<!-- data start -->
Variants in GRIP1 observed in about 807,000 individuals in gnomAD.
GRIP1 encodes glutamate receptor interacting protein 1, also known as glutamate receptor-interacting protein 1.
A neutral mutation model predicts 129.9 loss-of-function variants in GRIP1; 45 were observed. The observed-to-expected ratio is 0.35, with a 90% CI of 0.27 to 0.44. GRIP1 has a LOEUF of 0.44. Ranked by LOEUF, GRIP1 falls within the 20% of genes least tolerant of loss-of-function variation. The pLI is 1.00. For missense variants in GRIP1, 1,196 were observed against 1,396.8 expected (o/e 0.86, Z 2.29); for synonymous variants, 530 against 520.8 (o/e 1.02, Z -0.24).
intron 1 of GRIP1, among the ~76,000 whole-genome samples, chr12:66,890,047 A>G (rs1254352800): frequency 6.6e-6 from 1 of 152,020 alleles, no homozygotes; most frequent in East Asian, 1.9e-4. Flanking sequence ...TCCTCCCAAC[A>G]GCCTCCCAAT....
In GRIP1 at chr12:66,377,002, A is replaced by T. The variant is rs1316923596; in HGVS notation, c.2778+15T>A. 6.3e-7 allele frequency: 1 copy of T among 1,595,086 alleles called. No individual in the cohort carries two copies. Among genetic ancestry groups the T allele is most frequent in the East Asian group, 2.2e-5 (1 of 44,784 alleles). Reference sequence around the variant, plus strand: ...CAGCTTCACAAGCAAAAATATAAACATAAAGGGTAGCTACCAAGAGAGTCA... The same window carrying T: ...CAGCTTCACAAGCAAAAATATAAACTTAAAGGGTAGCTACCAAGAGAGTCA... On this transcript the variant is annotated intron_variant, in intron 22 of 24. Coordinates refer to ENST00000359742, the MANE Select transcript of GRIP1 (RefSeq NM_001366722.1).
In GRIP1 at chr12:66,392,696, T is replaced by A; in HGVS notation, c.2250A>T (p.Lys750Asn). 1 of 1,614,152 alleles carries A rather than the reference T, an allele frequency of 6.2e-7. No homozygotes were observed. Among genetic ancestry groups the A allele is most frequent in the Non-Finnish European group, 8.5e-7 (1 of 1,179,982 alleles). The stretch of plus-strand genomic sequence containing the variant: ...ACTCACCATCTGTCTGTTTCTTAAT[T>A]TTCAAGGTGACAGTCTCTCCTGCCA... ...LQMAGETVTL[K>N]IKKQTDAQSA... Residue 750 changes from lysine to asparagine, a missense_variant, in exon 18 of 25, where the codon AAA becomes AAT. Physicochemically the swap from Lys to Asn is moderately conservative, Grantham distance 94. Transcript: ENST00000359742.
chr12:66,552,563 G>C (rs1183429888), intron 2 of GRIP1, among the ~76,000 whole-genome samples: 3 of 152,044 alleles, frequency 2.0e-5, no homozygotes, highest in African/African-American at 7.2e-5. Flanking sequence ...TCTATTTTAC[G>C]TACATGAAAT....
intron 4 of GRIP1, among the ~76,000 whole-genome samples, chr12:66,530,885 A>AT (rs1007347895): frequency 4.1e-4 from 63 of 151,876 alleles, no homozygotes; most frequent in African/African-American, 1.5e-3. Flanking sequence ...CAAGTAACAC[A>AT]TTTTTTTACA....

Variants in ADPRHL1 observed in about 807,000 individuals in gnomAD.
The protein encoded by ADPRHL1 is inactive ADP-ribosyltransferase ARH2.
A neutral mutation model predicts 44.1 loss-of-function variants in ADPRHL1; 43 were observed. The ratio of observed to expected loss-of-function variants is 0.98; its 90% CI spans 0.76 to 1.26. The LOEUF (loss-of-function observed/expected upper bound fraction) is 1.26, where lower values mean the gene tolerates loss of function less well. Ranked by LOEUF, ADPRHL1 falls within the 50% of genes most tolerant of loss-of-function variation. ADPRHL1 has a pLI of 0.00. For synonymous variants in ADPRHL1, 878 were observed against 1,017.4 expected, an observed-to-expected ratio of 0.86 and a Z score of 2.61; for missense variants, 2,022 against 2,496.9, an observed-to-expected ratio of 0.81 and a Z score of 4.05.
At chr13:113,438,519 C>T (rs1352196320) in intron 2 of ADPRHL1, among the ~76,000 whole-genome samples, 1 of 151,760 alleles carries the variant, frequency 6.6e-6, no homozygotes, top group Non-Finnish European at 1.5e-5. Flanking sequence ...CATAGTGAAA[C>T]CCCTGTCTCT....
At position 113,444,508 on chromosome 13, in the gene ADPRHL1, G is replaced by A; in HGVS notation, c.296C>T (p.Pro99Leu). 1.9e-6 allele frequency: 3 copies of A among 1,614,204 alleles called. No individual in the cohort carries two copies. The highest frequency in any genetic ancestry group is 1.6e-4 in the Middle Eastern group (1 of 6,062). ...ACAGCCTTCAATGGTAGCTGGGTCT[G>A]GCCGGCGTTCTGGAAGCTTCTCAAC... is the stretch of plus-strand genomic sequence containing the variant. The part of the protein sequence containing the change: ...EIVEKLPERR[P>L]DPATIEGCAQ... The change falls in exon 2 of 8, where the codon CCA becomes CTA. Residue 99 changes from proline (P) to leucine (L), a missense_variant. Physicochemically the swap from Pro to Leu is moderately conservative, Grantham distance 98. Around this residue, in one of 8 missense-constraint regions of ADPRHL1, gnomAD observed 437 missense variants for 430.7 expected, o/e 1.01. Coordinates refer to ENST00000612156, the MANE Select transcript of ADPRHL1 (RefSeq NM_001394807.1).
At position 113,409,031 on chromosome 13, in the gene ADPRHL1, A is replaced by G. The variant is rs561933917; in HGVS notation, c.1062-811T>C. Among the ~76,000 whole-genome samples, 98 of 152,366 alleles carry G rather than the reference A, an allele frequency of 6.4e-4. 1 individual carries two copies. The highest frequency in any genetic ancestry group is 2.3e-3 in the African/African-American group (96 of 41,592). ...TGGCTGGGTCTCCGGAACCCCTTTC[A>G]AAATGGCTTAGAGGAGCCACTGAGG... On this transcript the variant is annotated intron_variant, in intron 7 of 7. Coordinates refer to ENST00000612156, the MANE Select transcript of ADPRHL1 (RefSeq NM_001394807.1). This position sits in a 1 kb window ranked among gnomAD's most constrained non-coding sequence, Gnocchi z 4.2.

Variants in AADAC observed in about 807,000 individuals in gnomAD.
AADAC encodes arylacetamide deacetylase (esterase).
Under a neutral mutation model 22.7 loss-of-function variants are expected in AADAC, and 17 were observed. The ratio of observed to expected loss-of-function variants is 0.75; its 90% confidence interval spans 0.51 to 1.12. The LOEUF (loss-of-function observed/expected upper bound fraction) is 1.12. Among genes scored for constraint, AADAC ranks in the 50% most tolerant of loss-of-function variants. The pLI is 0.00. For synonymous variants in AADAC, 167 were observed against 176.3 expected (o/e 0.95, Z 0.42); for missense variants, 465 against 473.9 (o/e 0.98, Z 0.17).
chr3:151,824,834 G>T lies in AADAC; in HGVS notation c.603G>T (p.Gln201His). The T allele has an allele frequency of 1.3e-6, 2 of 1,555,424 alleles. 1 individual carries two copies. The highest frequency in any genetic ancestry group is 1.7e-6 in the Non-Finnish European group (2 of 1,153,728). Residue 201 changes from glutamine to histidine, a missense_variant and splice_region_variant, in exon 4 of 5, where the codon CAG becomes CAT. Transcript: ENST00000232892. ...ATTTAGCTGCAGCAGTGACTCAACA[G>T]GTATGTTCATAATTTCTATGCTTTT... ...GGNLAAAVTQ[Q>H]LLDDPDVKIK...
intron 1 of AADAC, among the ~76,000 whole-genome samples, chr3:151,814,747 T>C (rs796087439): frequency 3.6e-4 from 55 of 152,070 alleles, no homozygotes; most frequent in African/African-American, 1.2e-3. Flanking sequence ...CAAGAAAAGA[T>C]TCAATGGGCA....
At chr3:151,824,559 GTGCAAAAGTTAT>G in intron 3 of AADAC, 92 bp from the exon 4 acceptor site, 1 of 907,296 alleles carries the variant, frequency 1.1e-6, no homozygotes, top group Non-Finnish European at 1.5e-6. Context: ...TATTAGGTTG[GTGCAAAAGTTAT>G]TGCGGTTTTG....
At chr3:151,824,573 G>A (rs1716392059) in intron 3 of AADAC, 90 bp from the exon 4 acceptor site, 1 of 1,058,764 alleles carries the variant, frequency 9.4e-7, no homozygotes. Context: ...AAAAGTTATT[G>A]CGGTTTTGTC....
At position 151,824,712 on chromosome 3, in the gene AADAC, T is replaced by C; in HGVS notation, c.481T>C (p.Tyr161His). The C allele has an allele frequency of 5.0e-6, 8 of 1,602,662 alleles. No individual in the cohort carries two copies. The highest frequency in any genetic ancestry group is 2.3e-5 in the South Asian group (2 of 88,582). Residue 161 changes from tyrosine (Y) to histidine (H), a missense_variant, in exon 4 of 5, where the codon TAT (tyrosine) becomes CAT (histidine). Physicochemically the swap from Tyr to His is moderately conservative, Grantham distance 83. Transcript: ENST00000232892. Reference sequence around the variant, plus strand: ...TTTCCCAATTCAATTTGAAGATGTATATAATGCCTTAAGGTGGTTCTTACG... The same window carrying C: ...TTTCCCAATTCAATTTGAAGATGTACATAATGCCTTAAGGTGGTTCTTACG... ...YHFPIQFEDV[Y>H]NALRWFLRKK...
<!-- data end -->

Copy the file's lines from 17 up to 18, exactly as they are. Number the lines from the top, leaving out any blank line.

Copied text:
Under a neutral mutation model 22.7 loss-of-function variants are expected in AADAC, and 17 were observed. The ratio of observed to expected loss-of-function variants is 0.75; its 90% confidence interval spans 0.51 to 1.12. The LOEUF (loss-of-function observed/expected upper bound fraction) is 1.12. Among genes scored for constraint, AADAC ranks in the 50% most tolerant of loss-of-function variants. The pLI is 0.00. For synonymous variants in AADAC, 167 were observed against 176.3 expected (o/e 0.95, Z 0.42); for missense variants, 465 against 473.9 (o/e 0.98, Z 0.17).
chr3:151,824,834 G>T lies in AADAC; in HGVS notation c.603G>T (p.Gln201His). The T allele has an allele frequency of 1.3e-6, 2 of 1,555,424 alleles. 1 individual carries two copies. The highest frequency in any genetic ancestry group is 1.7e-6 in the Non-Finnish European group (2 of 1,153,728). Residue 201 changes from glutamine to histidine, a missense_variant and splice_region_variant, in exon 4 of 5, where the codon CAG becomes CAT. Transcript: ENST00000232892. ...ATTTAGCTGCAGCAGTGACTCAACA[G>T]GTATGTTCATAATTTCTATGCTTTT... ...GGNLAAAVTQ[Q>H]LLDDPDVKIK...